Crime Tape
These past few weeks in the Baton Rouge community have been peppered with violence and unwarranted crime.
 
A city we love, work, and worship has become a battleground of young people and violence. Where did they the learn to be so violent? Is violence the only way to communicate when we have differences?

First, we all must be committed to making Baton Rouge a better place for all her citizens. We can not blame any one person for the violence. It belongs to all of us. Someone once said, “for evil to exist, good people remain silent.”
 
We cannot remain silent anymore. We must invest in our young people and not be afraid to share our time and our energy. As a youth in Florida, I remember those persons who spent weekends and evenings to help me grow and mature to become a productive young person.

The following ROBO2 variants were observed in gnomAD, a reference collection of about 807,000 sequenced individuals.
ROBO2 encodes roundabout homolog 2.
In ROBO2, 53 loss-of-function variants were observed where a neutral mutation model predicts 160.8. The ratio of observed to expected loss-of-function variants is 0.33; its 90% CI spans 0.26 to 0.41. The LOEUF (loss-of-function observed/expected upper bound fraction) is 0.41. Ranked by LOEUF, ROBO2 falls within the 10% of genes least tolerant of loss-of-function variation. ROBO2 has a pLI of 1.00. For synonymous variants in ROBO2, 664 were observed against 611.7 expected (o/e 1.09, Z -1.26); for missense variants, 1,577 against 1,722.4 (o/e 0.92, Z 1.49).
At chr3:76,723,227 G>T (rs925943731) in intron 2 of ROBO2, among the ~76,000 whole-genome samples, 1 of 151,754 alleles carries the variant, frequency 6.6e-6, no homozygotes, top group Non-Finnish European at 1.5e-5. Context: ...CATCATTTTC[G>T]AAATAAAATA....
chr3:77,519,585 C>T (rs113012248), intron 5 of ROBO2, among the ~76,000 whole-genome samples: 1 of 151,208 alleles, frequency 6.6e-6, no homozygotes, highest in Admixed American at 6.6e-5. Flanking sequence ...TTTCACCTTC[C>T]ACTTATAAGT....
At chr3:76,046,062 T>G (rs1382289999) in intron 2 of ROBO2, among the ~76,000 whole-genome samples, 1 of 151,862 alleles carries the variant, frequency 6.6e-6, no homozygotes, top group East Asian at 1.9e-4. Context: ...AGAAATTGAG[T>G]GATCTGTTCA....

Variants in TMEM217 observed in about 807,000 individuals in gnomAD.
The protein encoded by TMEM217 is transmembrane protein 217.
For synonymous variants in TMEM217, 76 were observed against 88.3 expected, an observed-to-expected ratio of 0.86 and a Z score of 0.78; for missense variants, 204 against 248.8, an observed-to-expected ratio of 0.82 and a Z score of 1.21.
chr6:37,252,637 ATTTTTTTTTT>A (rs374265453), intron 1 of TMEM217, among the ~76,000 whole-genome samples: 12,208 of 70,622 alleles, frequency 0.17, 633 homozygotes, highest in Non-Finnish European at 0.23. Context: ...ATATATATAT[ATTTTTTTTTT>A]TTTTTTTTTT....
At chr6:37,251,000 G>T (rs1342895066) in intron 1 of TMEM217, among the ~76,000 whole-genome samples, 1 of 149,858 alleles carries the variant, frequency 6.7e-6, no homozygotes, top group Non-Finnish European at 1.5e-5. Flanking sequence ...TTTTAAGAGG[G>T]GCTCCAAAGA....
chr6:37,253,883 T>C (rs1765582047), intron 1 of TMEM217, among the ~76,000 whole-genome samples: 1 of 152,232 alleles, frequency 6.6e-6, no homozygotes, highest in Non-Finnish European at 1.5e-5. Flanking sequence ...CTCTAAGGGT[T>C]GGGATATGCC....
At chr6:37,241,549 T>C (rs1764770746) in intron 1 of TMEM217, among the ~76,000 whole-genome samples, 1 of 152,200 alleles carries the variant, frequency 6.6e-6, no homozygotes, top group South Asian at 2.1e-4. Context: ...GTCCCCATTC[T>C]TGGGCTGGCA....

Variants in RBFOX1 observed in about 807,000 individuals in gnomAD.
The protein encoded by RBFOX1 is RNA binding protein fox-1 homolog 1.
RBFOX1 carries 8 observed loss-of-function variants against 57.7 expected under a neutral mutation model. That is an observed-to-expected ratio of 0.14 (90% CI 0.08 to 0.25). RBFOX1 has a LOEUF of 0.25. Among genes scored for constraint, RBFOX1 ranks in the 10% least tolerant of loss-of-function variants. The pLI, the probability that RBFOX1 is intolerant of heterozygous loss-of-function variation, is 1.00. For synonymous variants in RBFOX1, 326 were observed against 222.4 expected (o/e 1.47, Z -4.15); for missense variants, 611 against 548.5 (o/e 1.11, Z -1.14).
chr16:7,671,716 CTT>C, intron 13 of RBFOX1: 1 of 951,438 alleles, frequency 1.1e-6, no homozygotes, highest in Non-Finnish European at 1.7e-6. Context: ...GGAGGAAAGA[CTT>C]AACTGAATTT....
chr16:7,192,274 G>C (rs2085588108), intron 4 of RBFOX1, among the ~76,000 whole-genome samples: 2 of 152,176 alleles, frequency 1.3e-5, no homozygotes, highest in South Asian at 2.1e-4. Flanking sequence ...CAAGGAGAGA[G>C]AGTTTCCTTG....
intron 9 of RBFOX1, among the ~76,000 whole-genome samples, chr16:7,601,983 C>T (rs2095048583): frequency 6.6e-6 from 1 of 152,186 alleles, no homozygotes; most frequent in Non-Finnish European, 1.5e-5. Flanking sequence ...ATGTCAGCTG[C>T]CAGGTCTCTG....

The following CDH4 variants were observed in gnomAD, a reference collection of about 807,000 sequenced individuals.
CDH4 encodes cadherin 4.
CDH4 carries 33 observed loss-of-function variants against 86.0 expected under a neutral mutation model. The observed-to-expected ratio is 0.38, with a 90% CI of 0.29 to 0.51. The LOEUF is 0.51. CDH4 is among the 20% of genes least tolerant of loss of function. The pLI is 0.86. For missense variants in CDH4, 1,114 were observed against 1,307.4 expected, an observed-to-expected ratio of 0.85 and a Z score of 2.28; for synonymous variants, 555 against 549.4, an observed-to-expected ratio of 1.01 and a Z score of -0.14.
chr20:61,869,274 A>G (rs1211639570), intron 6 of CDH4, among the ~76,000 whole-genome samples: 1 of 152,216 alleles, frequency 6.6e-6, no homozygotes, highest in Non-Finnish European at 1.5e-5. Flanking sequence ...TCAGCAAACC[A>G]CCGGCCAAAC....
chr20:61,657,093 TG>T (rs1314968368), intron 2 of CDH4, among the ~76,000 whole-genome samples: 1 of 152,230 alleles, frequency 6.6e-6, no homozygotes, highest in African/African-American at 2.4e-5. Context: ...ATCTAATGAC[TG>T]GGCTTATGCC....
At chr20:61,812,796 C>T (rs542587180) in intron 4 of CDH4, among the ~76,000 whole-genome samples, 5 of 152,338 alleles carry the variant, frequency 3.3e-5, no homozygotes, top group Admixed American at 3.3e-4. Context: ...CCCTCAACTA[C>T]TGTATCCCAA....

Secondly, we must share our stories with our youth. We all made mistakes, but we did not settle our issues with gun violence. We were taught the value of humanity and life. Dr. Martin Luther King called it personalism: the value of the human personality. We must teach value and love toward each other. Our faith must extend to help others handle life’s existential problems and circumstances.
 
Lastly, we all must help support and develop youth activities for the Baton Rouge community. We must develop safe spaces for our youth, and we have to teach non-violence as a lifestyle and a way of communicating. Peace does not mean weakness, but strength.
 
At Bethel African Methodist Episcopal Church, we have developed a swimming ministry, STEM Community Camp and other activities to help our youth focus on positive behavior and encouragement. It takes time, money and commitment.
 
We must save our youth and our community. If we do not do it, who will do it?
 
Herman Kelly is an adjunct instructor in LSU's African and African American Studies Department and pastor at Bethel African Methodist Episcopal Church in Baton Rouge. 
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